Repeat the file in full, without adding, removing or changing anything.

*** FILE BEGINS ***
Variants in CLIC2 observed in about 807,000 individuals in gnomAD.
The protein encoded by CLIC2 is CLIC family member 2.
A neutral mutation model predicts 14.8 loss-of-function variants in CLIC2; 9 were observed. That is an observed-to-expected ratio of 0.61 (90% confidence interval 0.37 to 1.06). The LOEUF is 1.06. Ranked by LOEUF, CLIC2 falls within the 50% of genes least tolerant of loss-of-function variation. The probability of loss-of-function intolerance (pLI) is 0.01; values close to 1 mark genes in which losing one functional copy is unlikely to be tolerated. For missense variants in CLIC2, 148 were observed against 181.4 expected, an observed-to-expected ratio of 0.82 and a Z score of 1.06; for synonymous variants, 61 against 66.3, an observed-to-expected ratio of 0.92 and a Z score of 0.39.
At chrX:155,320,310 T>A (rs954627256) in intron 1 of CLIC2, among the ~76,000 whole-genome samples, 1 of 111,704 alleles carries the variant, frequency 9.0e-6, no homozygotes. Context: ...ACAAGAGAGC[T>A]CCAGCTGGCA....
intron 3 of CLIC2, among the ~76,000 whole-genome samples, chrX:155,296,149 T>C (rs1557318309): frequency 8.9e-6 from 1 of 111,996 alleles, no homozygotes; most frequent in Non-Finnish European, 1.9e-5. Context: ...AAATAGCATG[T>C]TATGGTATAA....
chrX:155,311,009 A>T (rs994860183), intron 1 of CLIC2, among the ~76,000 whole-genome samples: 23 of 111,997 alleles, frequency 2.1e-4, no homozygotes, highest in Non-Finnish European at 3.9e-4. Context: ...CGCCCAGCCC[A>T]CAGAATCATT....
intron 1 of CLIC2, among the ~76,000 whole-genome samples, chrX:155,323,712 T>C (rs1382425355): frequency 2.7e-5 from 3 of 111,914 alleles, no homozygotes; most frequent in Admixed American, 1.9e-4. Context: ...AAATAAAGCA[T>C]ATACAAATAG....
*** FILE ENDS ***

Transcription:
Variants in CLIC2 observed in about 807,000 individuals in gnomAD.
The protein encoded by CLIC2 is CLIC family member 2.
A neutral mutation model predicts 14.8 loss-of-function variants in CLIC2; 9 were observed. That is an observed-to-expected ratio of 0.61 (90% confidence interval 0.37 to 1.06). The LOEUF is 1.06. Ranked by LOEUF, CLIC2 falls within the 50% of genes least tolerant of loss-of-function variation. The probability of loss-of-function intolerance (pLI) is 0.01; values close to 1 mark genes in which losing one functional copy is unlikely to be tolerated. For missense variants in CLIC2, 148 were observed against 181.4 expected, an observed-to-expected ratio of 0.82 and a Z score of 1.06; for synonymous variants, 61 against 66.3, an observed-to-expected ratio of 0.92 and a Z score of 0.39.
At chrX:155,320,310 T>A (rs954627256) in intron 1 of CLIC2, among the ~76,000 whole-genome samples, 1 of 111,704 alleles carries the variant, frequency 9.0e-6, no homozygotes. Context: ...ACAAGAGAGC[T>A]CCAGCTGGCA....
intron 3 of CLIC2, among the ~76,000 whole-genome samples, chrX:155,296,149 T>C (rs1557318309): frequency 8.9e-6 from 1 of 111,996 alleles, no homozygotes; most frequent in Non-Finnish European, 1.9e-5. Context: ...AAATAGCATG[T>C]TATGGTATAA....
chrX:155,311,009 A>T (rs994860183), intron 1 of CLIC2, among the ~76,000 whole-genome samples: 23 of 111,997 alleles, frequency 2.1e-4, no homozygotes, highest in Non-Finnish European at 3.9e-4. Context: ...CGCCCAGCCC[A>T]CAGAATCATT....
intron 1 of CLIC2, among the ~76,000 whole-genome samples, chrX:155,323,712 T>C (rs1382425355): frequency 2.7e-5 from 3 of 111,914 alleles, no homozygotes; most frequent in Admixed American, 1.9e-4. Context: ...AAATAAAGCA[T>C]ATACAAATAG....